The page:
What do CRM systems and hammers have in common?
We all own a hammer. Probably a few nails too. Tucked away in a corner of the garage, we own the same basic tool that a carpenter uses to make their living. But, since we own a hammer, does that mean we’re as skilled as an experienced carpenter when it comes to wielding it? When you build something as straightforward as a deck, there are techniques involved that ensure the finished product is robust, well architected, and will stand the test of time. Anyone can build a deck that just might fall over. It’s quite a bit harder to build a deck that’s level, sturdy, and attractive. Ultimately, the hammer doesn’t build the deck. It takes a skilled carpenter - along with their tools, experience and knowledge - to build a quality product.
The same can be said for a Knowledge Management (KM) program, or a Constituent Relationship Management (CRM) system. Anyone can purchase software and add their constituents. But because we own the tool, are we as skilled as our carpenter? Or in the case of a CRM system, are we as skilled as a system architect with more than 20 years of experience designing robust information structures? Are we as skilled as an administrator who’s learned to spot the patterns of use that can come back to bite us when we need to analyze our data? Can we engineer integrations to share data reliably and efficiently between systems? An information system is just a tool. A complicated tool, yes, but it can’t - by itself - ensure the quality of the data entered into it, nor intuit the nuances of an organization. That’s the job of experienced CRM architects, administrators and engineers- the people responsible for the effective design, usage and extension of these highly-specialized tools.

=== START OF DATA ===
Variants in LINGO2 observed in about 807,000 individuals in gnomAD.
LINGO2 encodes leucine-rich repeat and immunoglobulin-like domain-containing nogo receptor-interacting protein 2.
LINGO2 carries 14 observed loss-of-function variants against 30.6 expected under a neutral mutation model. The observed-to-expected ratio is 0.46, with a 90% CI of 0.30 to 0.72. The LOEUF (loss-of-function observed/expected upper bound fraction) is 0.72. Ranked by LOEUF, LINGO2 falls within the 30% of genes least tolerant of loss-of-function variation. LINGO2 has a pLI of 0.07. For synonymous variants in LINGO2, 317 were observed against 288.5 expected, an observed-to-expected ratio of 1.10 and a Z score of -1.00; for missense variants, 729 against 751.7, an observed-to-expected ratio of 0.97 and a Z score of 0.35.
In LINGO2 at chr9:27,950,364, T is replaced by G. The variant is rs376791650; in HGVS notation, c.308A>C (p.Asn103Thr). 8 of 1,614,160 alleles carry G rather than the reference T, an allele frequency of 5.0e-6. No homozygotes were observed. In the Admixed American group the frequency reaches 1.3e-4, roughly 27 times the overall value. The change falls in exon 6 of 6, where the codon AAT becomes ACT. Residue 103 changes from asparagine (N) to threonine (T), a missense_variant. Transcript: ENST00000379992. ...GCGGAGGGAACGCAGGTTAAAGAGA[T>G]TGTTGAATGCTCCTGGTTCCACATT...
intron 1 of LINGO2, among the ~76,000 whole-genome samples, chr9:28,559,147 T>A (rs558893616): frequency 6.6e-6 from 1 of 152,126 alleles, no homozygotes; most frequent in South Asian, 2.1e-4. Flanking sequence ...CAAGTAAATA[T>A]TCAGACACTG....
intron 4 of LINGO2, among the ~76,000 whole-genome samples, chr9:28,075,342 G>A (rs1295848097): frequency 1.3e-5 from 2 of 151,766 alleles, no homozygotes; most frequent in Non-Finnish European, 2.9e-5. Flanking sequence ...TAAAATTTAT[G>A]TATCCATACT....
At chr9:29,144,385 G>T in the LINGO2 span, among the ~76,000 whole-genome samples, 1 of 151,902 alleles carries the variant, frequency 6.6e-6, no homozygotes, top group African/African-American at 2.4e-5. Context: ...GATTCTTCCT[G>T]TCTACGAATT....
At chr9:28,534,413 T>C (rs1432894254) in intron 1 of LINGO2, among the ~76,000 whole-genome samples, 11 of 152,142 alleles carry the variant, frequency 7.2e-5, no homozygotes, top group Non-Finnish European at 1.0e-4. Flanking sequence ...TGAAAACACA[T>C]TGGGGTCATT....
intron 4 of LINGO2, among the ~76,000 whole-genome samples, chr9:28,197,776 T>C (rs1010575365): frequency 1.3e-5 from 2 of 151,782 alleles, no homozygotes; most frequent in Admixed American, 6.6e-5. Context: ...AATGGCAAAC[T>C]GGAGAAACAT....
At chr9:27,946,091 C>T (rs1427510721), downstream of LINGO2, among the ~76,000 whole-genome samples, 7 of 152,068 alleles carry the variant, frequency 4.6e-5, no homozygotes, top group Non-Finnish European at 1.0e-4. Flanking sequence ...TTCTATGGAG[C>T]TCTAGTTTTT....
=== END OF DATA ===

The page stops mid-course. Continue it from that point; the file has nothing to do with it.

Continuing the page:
End users need effective support, including the right structures, approaches and processes in place to truly wield their CRM system effectively. Many times, when an organization’s team members aren’t all on the same page, data aggregated by the CRM system is inconsistent, and its reporting incoherent. Gaining insight into donors' patterns and behaviors becomes difficult, if not impossible. Supplying information to our counterparts in finance becomes onerous. Satisfying our role in our annual audit becomes something we hope to just endure, instead of approach with confidence.
All too often, leadership assigns data entry operators an outsized role in defining their CRM architecture. Additionally, they’re often asked to both document their process, and monitor the result of their own work. While our data entry operators fulfill a crucial role, they’re most often entry-level employees just getting a start with an organization, learning as they go.
Supported by too few checks and balances to ensure the acquisition of high-quality information from available raw data, and lacking the skills necessary to report upon the complexity of the system’s contents, the end result often appears chaotic. Team members begin to blame “the system” for the observed shortfalls. However, returning to our analogy - the hammer is rarely to blame when in the end, the carpenter was unable to build a level deck.
So how do we help?
We align your team with the right places in your organization to deploy their unique talents. We supply the right mix of experienced architects, administrators, and engineering staff. We tailor your existing systems to better fit your needs, and help siloed systems communicate with each other. We support both people and tools through the development and deployment of high quality, well-documented, and efficient processes. All these elements, woven together, help us implement an effective KM program.
In short, we help you become an expert in the use of the tools that you already own.
We absolutely understand that information systems aren’t cheap to buy, configure, or operate. They become even more expensive when we start thinking about adding conversion and consolidation projects to the mix. Expense and aggravation are compounded when you consider lost productivity on your team, and missed opportunities with your supporters. Like our carpenter’s hammer, the tools you have are only as good as the skill with which you’re able to wield them.
If you’re feeling frustrated and overwhelmed, or would just like some guidance, please reach out. We’d love to help you make better use of the tools you own. You can contact us here.